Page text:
No Room for Lukewarmness as Catholics, by Christina M. Sorrentino

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By Christina M. Sorrentino, Catholic Exchange, Sept. 7, 2023

Christina M. Sorrentino resides in Staten Island, New York, and is a freelance writer, theology teacher, and author of the books Belonging to Christ and Called to Love – A Listening Heart. She is the Editor-in-Chief of Ignitum Today and has contributed to various publications including Word on Fire, Radiant Magazine, and Homiletic & Pastoral Review. …


So because you are lukewarm, and neither hot nor cold, I will vomit you out of My mouth. 
– Rev. 3:16

The global pandemic caused by the Coronavirus has granted us an opportunity to reassess and evaluate our priorities. Is it conceivable that our Lord is leading us to make a definitive choice between aligning ourselves with Him or standing against Him? It is impossible to serve two masters; we must choose to wholeheartedly love either the Father or the world, but not both (refer to Matthew 6:24 and 1 John 2:15). Lukewarmness is a sin against God’s love, and is defined by the Catechism of the Catholic Church as the “hesitation or negligence in responding to divine love; it can imply refusal to give oneself over to the prompting of charity” (2093).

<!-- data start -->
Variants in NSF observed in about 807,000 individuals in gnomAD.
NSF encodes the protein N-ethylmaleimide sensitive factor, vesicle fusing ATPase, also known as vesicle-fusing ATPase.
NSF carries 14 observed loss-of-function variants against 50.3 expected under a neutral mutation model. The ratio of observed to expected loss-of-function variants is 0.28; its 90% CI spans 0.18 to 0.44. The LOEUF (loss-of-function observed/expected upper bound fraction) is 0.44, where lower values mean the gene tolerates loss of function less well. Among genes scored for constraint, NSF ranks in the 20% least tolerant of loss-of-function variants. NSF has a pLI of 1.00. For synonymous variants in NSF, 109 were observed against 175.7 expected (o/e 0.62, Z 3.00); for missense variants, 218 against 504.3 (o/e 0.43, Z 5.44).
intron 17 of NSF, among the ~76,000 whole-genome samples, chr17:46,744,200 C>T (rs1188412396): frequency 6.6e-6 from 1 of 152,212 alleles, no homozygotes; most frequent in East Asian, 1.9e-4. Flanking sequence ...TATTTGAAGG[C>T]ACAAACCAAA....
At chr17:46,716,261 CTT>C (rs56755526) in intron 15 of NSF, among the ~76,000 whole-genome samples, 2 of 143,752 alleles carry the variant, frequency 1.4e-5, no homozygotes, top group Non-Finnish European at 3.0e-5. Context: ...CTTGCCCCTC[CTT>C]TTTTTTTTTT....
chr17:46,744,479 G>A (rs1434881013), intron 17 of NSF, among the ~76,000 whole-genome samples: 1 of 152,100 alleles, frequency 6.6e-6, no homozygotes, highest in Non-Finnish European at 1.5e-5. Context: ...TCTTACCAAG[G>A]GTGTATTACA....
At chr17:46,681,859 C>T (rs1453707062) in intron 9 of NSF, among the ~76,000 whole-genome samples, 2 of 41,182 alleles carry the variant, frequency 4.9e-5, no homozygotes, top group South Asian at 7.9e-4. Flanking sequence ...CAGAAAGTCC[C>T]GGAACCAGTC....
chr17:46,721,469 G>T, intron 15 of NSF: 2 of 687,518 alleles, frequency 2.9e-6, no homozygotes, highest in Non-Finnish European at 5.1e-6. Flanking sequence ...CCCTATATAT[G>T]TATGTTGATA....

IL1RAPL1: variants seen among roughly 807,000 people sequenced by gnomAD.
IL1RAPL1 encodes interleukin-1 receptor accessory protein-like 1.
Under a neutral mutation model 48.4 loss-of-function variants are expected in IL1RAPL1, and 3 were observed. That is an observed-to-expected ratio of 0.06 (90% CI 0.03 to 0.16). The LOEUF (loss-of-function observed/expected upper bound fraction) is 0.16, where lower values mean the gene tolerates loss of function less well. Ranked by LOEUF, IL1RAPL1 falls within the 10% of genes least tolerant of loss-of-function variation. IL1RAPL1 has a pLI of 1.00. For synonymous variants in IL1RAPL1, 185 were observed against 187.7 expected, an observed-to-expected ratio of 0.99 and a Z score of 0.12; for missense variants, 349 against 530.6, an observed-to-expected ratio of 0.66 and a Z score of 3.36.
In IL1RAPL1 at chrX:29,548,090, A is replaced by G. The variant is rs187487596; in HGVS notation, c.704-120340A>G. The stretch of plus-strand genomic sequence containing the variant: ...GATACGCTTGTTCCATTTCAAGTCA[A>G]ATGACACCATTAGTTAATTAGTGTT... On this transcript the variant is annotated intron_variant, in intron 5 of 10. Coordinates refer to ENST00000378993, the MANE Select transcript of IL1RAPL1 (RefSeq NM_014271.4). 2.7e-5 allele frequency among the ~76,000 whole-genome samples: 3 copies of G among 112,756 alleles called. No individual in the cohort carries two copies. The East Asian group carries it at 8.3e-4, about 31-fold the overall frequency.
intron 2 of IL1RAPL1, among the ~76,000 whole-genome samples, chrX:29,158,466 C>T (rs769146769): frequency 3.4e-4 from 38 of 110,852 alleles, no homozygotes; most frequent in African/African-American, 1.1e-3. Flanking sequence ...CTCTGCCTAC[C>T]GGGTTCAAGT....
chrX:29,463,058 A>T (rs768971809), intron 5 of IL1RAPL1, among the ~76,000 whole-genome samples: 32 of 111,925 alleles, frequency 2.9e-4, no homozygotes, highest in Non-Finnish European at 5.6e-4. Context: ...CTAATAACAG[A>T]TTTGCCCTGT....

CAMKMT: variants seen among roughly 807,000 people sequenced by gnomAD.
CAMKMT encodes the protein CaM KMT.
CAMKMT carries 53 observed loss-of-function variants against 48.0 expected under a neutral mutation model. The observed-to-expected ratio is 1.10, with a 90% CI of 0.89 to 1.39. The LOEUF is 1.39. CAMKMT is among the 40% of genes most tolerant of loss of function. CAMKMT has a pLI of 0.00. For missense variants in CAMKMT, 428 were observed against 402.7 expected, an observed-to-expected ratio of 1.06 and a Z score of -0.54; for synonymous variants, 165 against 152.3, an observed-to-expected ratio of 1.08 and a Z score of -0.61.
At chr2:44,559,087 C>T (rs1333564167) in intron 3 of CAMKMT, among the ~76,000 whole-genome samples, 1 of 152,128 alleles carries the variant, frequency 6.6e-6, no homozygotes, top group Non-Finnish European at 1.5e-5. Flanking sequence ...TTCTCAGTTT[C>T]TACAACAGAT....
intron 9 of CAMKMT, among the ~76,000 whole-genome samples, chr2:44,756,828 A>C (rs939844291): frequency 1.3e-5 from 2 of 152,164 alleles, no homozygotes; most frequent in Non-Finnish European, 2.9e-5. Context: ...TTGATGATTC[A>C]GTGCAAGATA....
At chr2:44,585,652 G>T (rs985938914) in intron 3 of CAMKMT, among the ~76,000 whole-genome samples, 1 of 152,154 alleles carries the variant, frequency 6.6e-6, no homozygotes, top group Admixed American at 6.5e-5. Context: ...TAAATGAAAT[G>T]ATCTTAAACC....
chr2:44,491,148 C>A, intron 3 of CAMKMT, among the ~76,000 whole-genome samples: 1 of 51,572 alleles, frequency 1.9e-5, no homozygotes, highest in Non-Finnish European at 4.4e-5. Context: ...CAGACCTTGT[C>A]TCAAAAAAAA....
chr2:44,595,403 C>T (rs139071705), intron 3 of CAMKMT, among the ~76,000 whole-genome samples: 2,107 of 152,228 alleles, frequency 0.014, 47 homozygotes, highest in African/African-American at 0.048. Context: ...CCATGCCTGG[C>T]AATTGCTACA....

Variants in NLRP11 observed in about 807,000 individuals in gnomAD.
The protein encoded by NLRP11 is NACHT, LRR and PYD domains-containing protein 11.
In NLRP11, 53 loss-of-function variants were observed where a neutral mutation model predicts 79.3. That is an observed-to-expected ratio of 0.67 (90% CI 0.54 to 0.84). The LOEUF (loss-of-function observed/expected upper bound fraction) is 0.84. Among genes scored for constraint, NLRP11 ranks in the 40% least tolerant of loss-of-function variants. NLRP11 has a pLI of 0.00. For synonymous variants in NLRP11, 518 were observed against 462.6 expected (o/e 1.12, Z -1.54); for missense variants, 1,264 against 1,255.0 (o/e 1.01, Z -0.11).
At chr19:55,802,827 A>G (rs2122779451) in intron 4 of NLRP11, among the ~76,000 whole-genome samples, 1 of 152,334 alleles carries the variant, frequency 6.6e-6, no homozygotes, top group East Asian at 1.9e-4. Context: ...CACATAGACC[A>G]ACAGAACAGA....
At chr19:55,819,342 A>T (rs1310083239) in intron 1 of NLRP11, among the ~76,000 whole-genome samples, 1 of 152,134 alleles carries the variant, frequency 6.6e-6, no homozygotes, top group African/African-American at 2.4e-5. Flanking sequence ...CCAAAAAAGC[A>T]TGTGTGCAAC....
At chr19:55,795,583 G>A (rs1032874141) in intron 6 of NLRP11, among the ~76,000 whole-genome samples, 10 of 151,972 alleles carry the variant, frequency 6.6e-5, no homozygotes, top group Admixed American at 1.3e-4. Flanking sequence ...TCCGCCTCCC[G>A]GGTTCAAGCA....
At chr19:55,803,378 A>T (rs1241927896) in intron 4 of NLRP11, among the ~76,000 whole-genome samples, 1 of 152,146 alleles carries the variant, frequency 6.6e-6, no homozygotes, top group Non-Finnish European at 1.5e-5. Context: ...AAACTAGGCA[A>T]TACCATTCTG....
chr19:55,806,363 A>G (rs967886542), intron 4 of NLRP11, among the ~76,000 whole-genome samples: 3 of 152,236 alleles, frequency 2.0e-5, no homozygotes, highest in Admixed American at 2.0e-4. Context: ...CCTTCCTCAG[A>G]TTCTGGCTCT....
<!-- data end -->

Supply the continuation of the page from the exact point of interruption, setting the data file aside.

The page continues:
In our Catholic faith, there is no room for tepidity or ambiguity. The teachings of Catholic doctrine and morality are not mere suggestions; they demand consistent adherence and should never be taken for granted. We have a clear-cut decision to make: to fully embrace God or to reject Him entirely. We are not called to be selective in our Catholicism, picking and choosing what suits our preferences, such as when we pick items off a cafeteria menu. …

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